China is "deeply concerned" that the Ukraine conflict could spin out of control, China's foreign minister Qin Gang stated on Tuesday, urging certain nations to cease "feeding the fire."
Beijing has refrained from criticising Russia's invasion of Ukraine despite signing a "no limits" cooperation with Moscow last year. The United States has warned of repercussions if China gives Russia military help, which Beijing denies doing.
In a speech, Qin spoke about the Ukraine war and looked to be addressing the United States when he stated, "We urge certain countries to stop adding fuel to the fire immediately."
He remarked, "We stand firmly against any form of hegemony and foreign interference in China's internal affairs."
China published a paper on the Global Security Initiative (GSI) on Tuesday, which is President Xi Jinping's signature security program that seeks to defend the notion of "indivisible security," a concept supported by Russia.
At a layover in Hungary en route to Moscow, China's top diplomat Wang Yi urged for a negotiated settlement to the Ukraine conflict on Monday.
On the same day, U.S. President Joseph Biden made an unannounced visit to Kyiv to show solidarity, offering $500 million in military help to Ukraine and more penalties against Russian elites to be announced in full this week.
Beijing has refrained from denouncing Moscow's action against Ukraine or labelling it an "invasion," mirroring the Kremlin's description of the conflict as a "special military operation" meant to preserve Russia's security.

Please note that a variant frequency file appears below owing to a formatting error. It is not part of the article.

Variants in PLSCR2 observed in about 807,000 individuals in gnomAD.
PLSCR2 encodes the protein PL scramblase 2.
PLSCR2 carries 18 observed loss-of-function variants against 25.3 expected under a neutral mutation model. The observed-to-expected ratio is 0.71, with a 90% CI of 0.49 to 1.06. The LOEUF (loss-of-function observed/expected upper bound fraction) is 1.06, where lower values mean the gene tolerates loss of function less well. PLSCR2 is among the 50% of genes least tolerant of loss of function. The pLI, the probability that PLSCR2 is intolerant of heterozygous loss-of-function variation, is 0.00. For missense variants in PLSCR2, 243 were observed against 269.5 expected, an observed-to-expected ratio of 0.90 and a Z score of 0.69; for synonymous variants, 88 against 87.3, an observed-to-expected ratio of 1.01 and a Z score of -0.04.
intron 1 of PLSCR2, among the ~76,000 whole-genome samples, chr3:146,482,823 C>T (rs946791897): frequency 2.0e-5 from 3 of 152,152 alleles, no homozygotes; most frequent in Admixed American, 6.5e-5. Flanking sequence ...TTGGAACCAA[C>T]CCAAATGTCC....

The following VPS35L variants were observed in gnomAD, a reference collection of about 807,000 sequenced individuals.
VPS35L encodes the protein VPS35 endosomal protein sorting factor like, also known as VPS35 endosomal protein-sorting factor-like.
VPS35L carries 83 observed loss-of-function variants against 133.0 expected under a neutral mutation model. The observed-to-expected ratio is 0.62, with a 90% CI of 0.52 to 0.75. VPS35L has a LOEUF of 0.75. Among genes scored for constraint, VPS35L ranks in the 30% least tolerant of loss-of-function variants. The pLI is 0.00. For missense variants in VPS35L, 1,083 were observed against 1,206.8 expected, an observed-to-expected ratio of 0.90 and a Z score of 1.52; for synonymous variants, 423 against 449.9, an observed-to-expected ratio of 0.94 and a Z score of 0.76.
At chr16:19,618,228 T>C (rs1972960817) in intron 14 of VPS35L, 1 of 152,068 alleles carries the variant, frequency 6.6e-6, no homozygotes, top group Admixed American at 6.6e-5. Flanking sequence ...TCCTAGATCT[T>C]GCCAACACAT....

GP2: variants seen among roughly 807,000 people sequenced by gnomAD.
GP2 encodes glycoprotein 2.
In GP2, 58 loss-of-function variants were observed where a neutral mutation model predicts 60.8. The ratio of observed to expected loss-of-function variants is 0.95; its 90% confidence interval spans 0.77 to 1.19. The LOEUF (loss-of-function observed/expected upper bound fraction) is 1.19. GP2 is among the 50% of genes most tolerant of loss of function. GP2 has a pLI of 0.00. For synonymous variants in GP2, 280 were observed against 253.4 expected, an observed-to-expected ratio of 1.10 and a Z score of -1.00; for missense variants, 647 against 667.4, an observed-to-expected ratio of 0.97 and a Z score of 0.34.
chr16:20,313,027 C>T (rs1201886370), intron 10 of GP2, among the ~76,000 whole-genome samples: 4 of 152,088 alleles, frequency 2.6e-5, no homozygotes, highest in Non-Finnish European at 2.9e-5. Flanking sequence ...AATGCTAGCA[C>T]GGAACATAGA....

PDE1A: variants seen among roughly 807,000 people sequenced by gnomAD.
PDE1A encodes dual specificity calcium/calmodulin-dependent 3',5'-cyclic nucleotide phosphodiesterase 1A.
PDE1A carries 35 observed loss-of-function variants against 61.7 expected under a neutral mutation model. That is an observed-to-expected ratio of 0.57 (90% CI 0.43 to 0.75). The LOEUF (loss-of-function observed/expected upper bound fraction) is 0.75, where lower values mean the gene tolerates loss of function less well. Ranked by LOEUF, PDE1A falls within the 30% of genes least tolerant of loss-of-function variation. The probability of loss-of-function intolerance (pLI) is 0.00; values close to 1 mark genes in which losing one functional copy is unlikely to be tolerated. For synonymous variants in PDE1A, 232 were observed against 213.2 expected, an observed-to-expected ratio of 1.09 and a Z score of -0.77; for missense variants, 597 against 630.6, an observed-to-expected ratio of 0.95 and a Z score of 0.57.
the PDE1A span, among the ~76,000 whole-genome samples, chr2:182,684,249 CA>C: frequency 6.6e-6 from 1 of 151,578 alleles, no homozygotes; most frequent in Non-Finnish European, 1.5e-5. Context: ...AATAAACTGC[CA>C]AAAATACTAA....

On the 24th anniversary of the invasion of Ukraine, Xi is slated to deliver a "peace speech" this week.
On Saturday, U.S. Secretary of State Antony Blinken cautioned that the United States is extremely concerned that China is contemplating providing "lethal assistance" to Russia, which he told Chinese Foreign Minister Wang "would have grave repercussions for our relationship."
Blinken said in an interview with NBC News that the U.S. is considering giving various lethal support, including weapons, and that Washington would soon provide additional information.
Josep Borrell, the senior foreign affairs official for the European Union, warned against China delivering weapons to Russia on Monday, calling it a "red line" and echoing the sentiments of other European foreign ministers attending a meeting in Brussels.
Any Chinese arms shipments to Russia would risk escalating the Ukraine conflict into a showdown between Russia and China on one side and Ukraine and the US-led Nato military alliance on the other.
Beijing has often accused the United States of worsening the crisis by arming Ukraine. During a discussion with Blinken on the margins of the Munich Security Conference on Sunday, Wang stated that the United States should seek a political solution to the problem rather than add gasoline to the fire.
Xi has supported Vladimir Putin and resisted Western efforts to isolate Moscow. Since the invasion of Ukraine, trade between China and Russia has skyrocketed, and Russia has sold Asian nations, particularly China, increasing quantities of oil.